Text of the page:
Wednesday 16 January 2019

Comedy, tragedy and the hidden toll of a selfless deed

Fiction: Restless Souls, Dan Sheehan, Orion, hardback, 304 pages, €18.50

Banter with heart: Dan Sheehan captures the burly stoicism of laddisgh Dublinese
Banter with heart: Dan Sheehan captures the burly stoicism of laddisgh Dublinese
Restless Souls by Dan Sheehan

Hilary A White

Christopher Hitchens once said that it was literature, not gospels, where real ethical dilemmas are met and dealt with. Such a truism springs to mind often in this flexible and pacey debut from Irish-born New Yorker Dan Sheehan that uses the road trip and the coarse textures of Dublin humour to pull a troubled soul out of a Sarajevo nightmare partly his own making.

Karl, Baz and Tom have been knocking around together since their teenage years but now, in their mid-twenties, they're being forced to look at life in a more serious light. Tom has spent the last four years in Sarajevo, lured there by the "siren's call" of foreign gunfire. He encountered unspeakable horrors, ultimately losing the woman he fell in love with - a doctor at a beleaguered hospital in the middle of the conflict - and an eye, now covered in a makeshift patch.

The man Karl (our narrator for most of the time) and Baz encounter at the airport is not the same person, and the scars of major psychological trauma are immediately, shockingly evident to the pair of them.

They decide that they will escort Tom on a road trip to Restless Souls, a therapeutic facility in sunny California that specialises in treating PTSD. There is much to dwell on and work though on the journey there, including the fate of their childhood comrade Gabriel and Karl's wayward relationship with old sweetheart Clara. The choices we make in youth can have consequences, Sheehan's subtext suggests, when we least expect.

The very jacket of Sheehan's maiden voyage clearly spells out the mixture of genres that have been woven in here - comedy, road trip and tragedy. The back and forth banter of Karl and Baz, often stirred up through exasperation and inadequacy around Tom's stupor, is full of rhythm and zing but always resorts to that old Hibernianism of lacing any punchline with a firm, invigorating expletive. When the humour hits its target, it is charming and pronounced. When it doesn't, it is sub-Roddy Doyle.

The results are much better when Sheehan settles down into the familiar mundanity of friendship, the throwaway resentments and contemptuous comfort that skirt its fringes, especially as a seemingly selfless deed starts to take a hidden toll. Karl and Baz are only really mimicking proper, emotionally developed adults assisting their friend's recovery when the truth is far from it.

Tom himself, meanwhile, tells his tale through the replication of diary extracts written during his time in shell-shocked Sarajevo. Back then, he was eager to help and desperate for a trace of humanity in the hatred and bloodshed.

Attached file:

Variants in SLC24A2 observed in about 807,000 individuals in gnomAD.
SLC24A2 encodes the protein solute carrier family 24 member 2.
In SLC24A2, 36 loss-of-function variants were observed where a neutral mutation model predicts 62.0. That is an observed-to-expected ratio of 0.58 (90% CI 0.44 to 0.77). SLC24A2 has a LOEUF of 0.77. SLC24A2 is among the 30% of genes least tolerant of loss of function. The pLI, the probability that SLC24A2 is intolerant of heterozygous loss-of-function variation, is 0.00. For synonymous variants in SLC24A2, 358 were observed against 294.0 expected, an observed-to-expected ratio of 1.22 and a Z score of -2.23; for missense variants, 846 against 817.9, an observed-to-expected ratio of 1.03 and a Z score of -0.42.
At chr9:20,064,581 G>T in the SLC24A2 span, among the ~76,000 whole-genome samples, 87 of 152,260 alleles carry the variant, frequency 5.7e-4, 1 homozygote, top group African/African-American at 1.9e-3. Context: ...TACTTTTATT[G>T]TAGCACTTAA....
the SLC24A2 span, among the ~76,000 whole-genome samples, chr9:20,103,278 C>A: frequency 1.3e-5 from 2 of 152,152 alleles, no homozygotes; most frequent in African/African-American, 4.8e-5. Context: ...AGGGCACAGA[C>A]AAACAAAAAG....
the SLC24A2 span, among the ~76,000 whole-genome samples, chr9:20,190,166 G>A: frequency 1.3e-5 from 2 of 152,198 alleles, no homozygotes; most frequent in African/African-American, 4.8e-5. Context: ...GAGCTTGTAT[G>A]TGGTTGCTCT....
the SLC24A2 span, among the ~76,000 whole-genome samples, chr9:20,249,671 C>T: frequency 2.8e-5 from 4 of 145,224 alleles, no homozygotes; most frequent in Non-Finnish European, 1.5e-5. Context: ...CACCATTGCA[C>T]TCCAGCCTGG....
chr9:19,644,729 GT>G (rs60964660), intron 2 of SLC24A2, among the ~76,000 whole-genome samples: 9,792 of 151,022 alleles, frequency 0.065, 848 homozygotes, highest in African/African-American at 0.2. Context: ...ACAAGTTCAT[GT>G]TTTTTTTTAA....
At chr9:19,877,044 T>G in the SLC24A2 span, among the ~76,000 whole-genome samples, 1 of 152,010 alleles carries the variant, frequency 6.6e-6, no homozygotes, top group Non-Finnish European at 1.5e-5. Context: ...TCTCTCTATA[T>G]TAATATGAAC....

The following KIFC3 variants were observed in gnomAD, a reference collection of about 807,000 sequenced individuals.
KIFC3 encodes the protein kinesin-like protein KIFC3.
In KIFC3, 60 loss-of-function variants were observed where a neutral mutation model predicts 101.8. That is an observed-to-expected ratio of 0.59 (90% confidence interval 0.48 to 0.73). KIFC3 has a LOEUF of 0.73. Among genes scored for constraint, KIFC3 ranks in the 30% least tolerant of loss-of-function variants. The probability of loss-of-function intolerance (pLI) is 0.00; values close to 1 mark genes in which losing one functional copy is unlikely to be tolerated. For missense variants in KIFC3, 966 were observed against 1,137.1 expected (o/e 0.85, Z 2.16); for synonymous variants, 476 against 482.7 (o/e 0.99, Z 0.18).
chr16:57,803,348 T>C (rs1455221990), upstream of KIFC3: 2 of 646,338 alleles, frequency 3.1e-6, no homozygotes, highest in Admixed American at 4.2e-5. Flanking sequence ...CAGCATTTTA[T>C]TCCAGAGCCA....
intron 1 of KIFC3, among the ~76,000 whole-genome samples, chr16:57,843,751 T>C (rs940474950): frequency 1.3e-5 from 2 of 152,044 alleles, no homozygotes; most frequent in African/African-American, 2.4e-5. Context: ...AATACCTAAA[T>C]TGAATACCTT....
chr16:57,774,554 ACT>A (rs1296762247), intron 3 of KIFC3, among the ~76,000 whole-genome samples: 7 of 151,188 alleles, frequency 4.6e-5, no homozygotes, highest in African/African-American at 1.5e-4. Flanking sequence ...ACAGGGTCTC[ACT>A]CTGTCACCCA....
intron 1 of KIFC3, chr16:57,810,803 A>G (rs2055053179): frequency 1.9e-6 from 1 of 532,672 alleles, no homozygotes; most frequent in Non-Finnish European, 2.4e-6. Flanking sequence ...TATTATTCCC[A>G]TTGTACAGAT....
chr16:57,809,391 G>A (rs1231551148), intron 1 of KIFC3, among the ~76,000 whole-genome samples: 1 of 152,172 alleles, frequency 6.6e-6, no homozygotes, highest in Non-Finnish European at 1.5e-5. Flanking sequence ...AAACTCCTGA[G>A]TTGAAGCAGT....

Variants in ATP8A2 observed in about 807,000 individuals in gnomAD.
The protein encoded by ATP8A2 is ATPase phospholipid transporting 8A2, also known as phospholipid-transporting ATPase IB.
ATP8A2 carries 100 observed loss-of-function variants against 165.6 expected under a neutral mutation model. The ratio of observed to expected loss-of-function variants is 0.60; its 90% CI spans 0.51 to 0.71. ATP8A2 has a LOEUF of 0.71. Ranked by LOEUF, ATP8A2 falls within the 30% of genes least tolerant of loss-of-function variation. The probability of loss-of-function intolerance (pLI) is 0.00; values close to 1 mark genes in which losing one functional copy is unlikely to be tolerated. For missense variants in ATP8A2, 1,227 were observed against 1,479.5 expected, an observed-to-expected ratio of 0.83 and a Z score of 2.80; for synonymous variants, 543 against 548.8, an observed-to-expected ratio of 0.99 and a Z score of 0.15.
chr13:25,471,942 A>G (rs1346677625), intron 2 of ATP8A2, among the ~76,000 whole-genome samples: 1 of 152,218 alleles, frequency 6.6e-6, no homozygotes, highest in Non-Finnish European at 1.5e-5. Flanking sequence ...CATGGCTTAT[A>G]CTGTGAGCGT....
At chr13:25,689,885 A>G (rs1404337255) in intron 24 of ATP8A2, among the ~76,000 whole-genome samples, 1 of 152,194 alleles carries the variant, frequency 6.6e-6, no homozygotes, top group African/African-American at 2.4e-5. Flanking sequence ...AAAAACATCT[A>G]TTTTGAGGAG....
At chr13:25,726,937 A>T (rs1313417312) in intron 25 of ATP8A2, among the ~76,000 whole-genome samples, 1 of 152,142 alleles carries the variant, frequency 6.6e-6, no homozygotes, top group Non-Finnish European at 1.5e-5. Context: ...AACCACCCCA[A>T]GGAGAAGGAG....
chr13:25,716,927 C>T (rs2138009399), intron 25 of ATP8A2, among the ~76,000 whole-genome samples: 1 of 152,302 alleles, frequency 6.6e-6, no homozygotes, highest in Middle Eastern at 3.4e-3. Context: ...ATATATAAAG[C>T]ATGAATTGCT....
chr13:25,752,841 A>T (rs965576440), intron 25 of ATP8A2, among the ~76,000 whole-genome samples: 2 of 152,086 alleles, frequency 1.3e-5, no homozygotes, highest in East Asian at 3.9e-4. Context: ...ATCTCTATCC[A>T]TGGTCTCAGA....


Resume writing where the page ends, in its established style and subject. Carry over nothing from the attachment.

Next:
These interspersed chapters provide a jarring counterpoint to the salt-of-the-earth Dublin carry-on and overcast memories from simpler boyhood times. Sheehan read extensively about what day-to-day life was like during that conflict, rendering the unimaginable somewhat comprehensible for readers all these years later.

Pages turn by without effort under Sheehan's watch, something that will stand to him wherever he decides to go from here. The third act, as the trio negotiate the rehab facility of the title, gets a little schlocky in places, with unnecessary hokum about experimental psycho-pharmacological research and unorthodox methods. Dishing out wads of exposition to the eejits from Dublin is the character of Dr Saunders, who routinely says lines like, "I'm not a mad scientist, gentlemen, believe me. I just want to help… If you'll indulge me…"

The whole passage of the narrative is cartoonish and sits awkwardly between chilling anecdotes of brutal, factually based horrors perpetrated on innocents in Sarajevo. Dr Saunders' facility is the geographic destination for the three men but it is definitely the journey aspect of Sheehan's novel, less constrained by convention, that provides the story with a more sturdy foundation.

Just when the California chapters threaten to round things off on a bit of a bum note, Sheehan gets back to the essence of his tale with a conclusion that erupts with heart and humanity as it examines an ethical question. It is evidence that he certainly has a sensitive ear for those elusive registers of the soul that are perhaps occasionally masked by the burly stoicism of laddish Dublinese. What's more, he is able to make them sing a little when he needs to.

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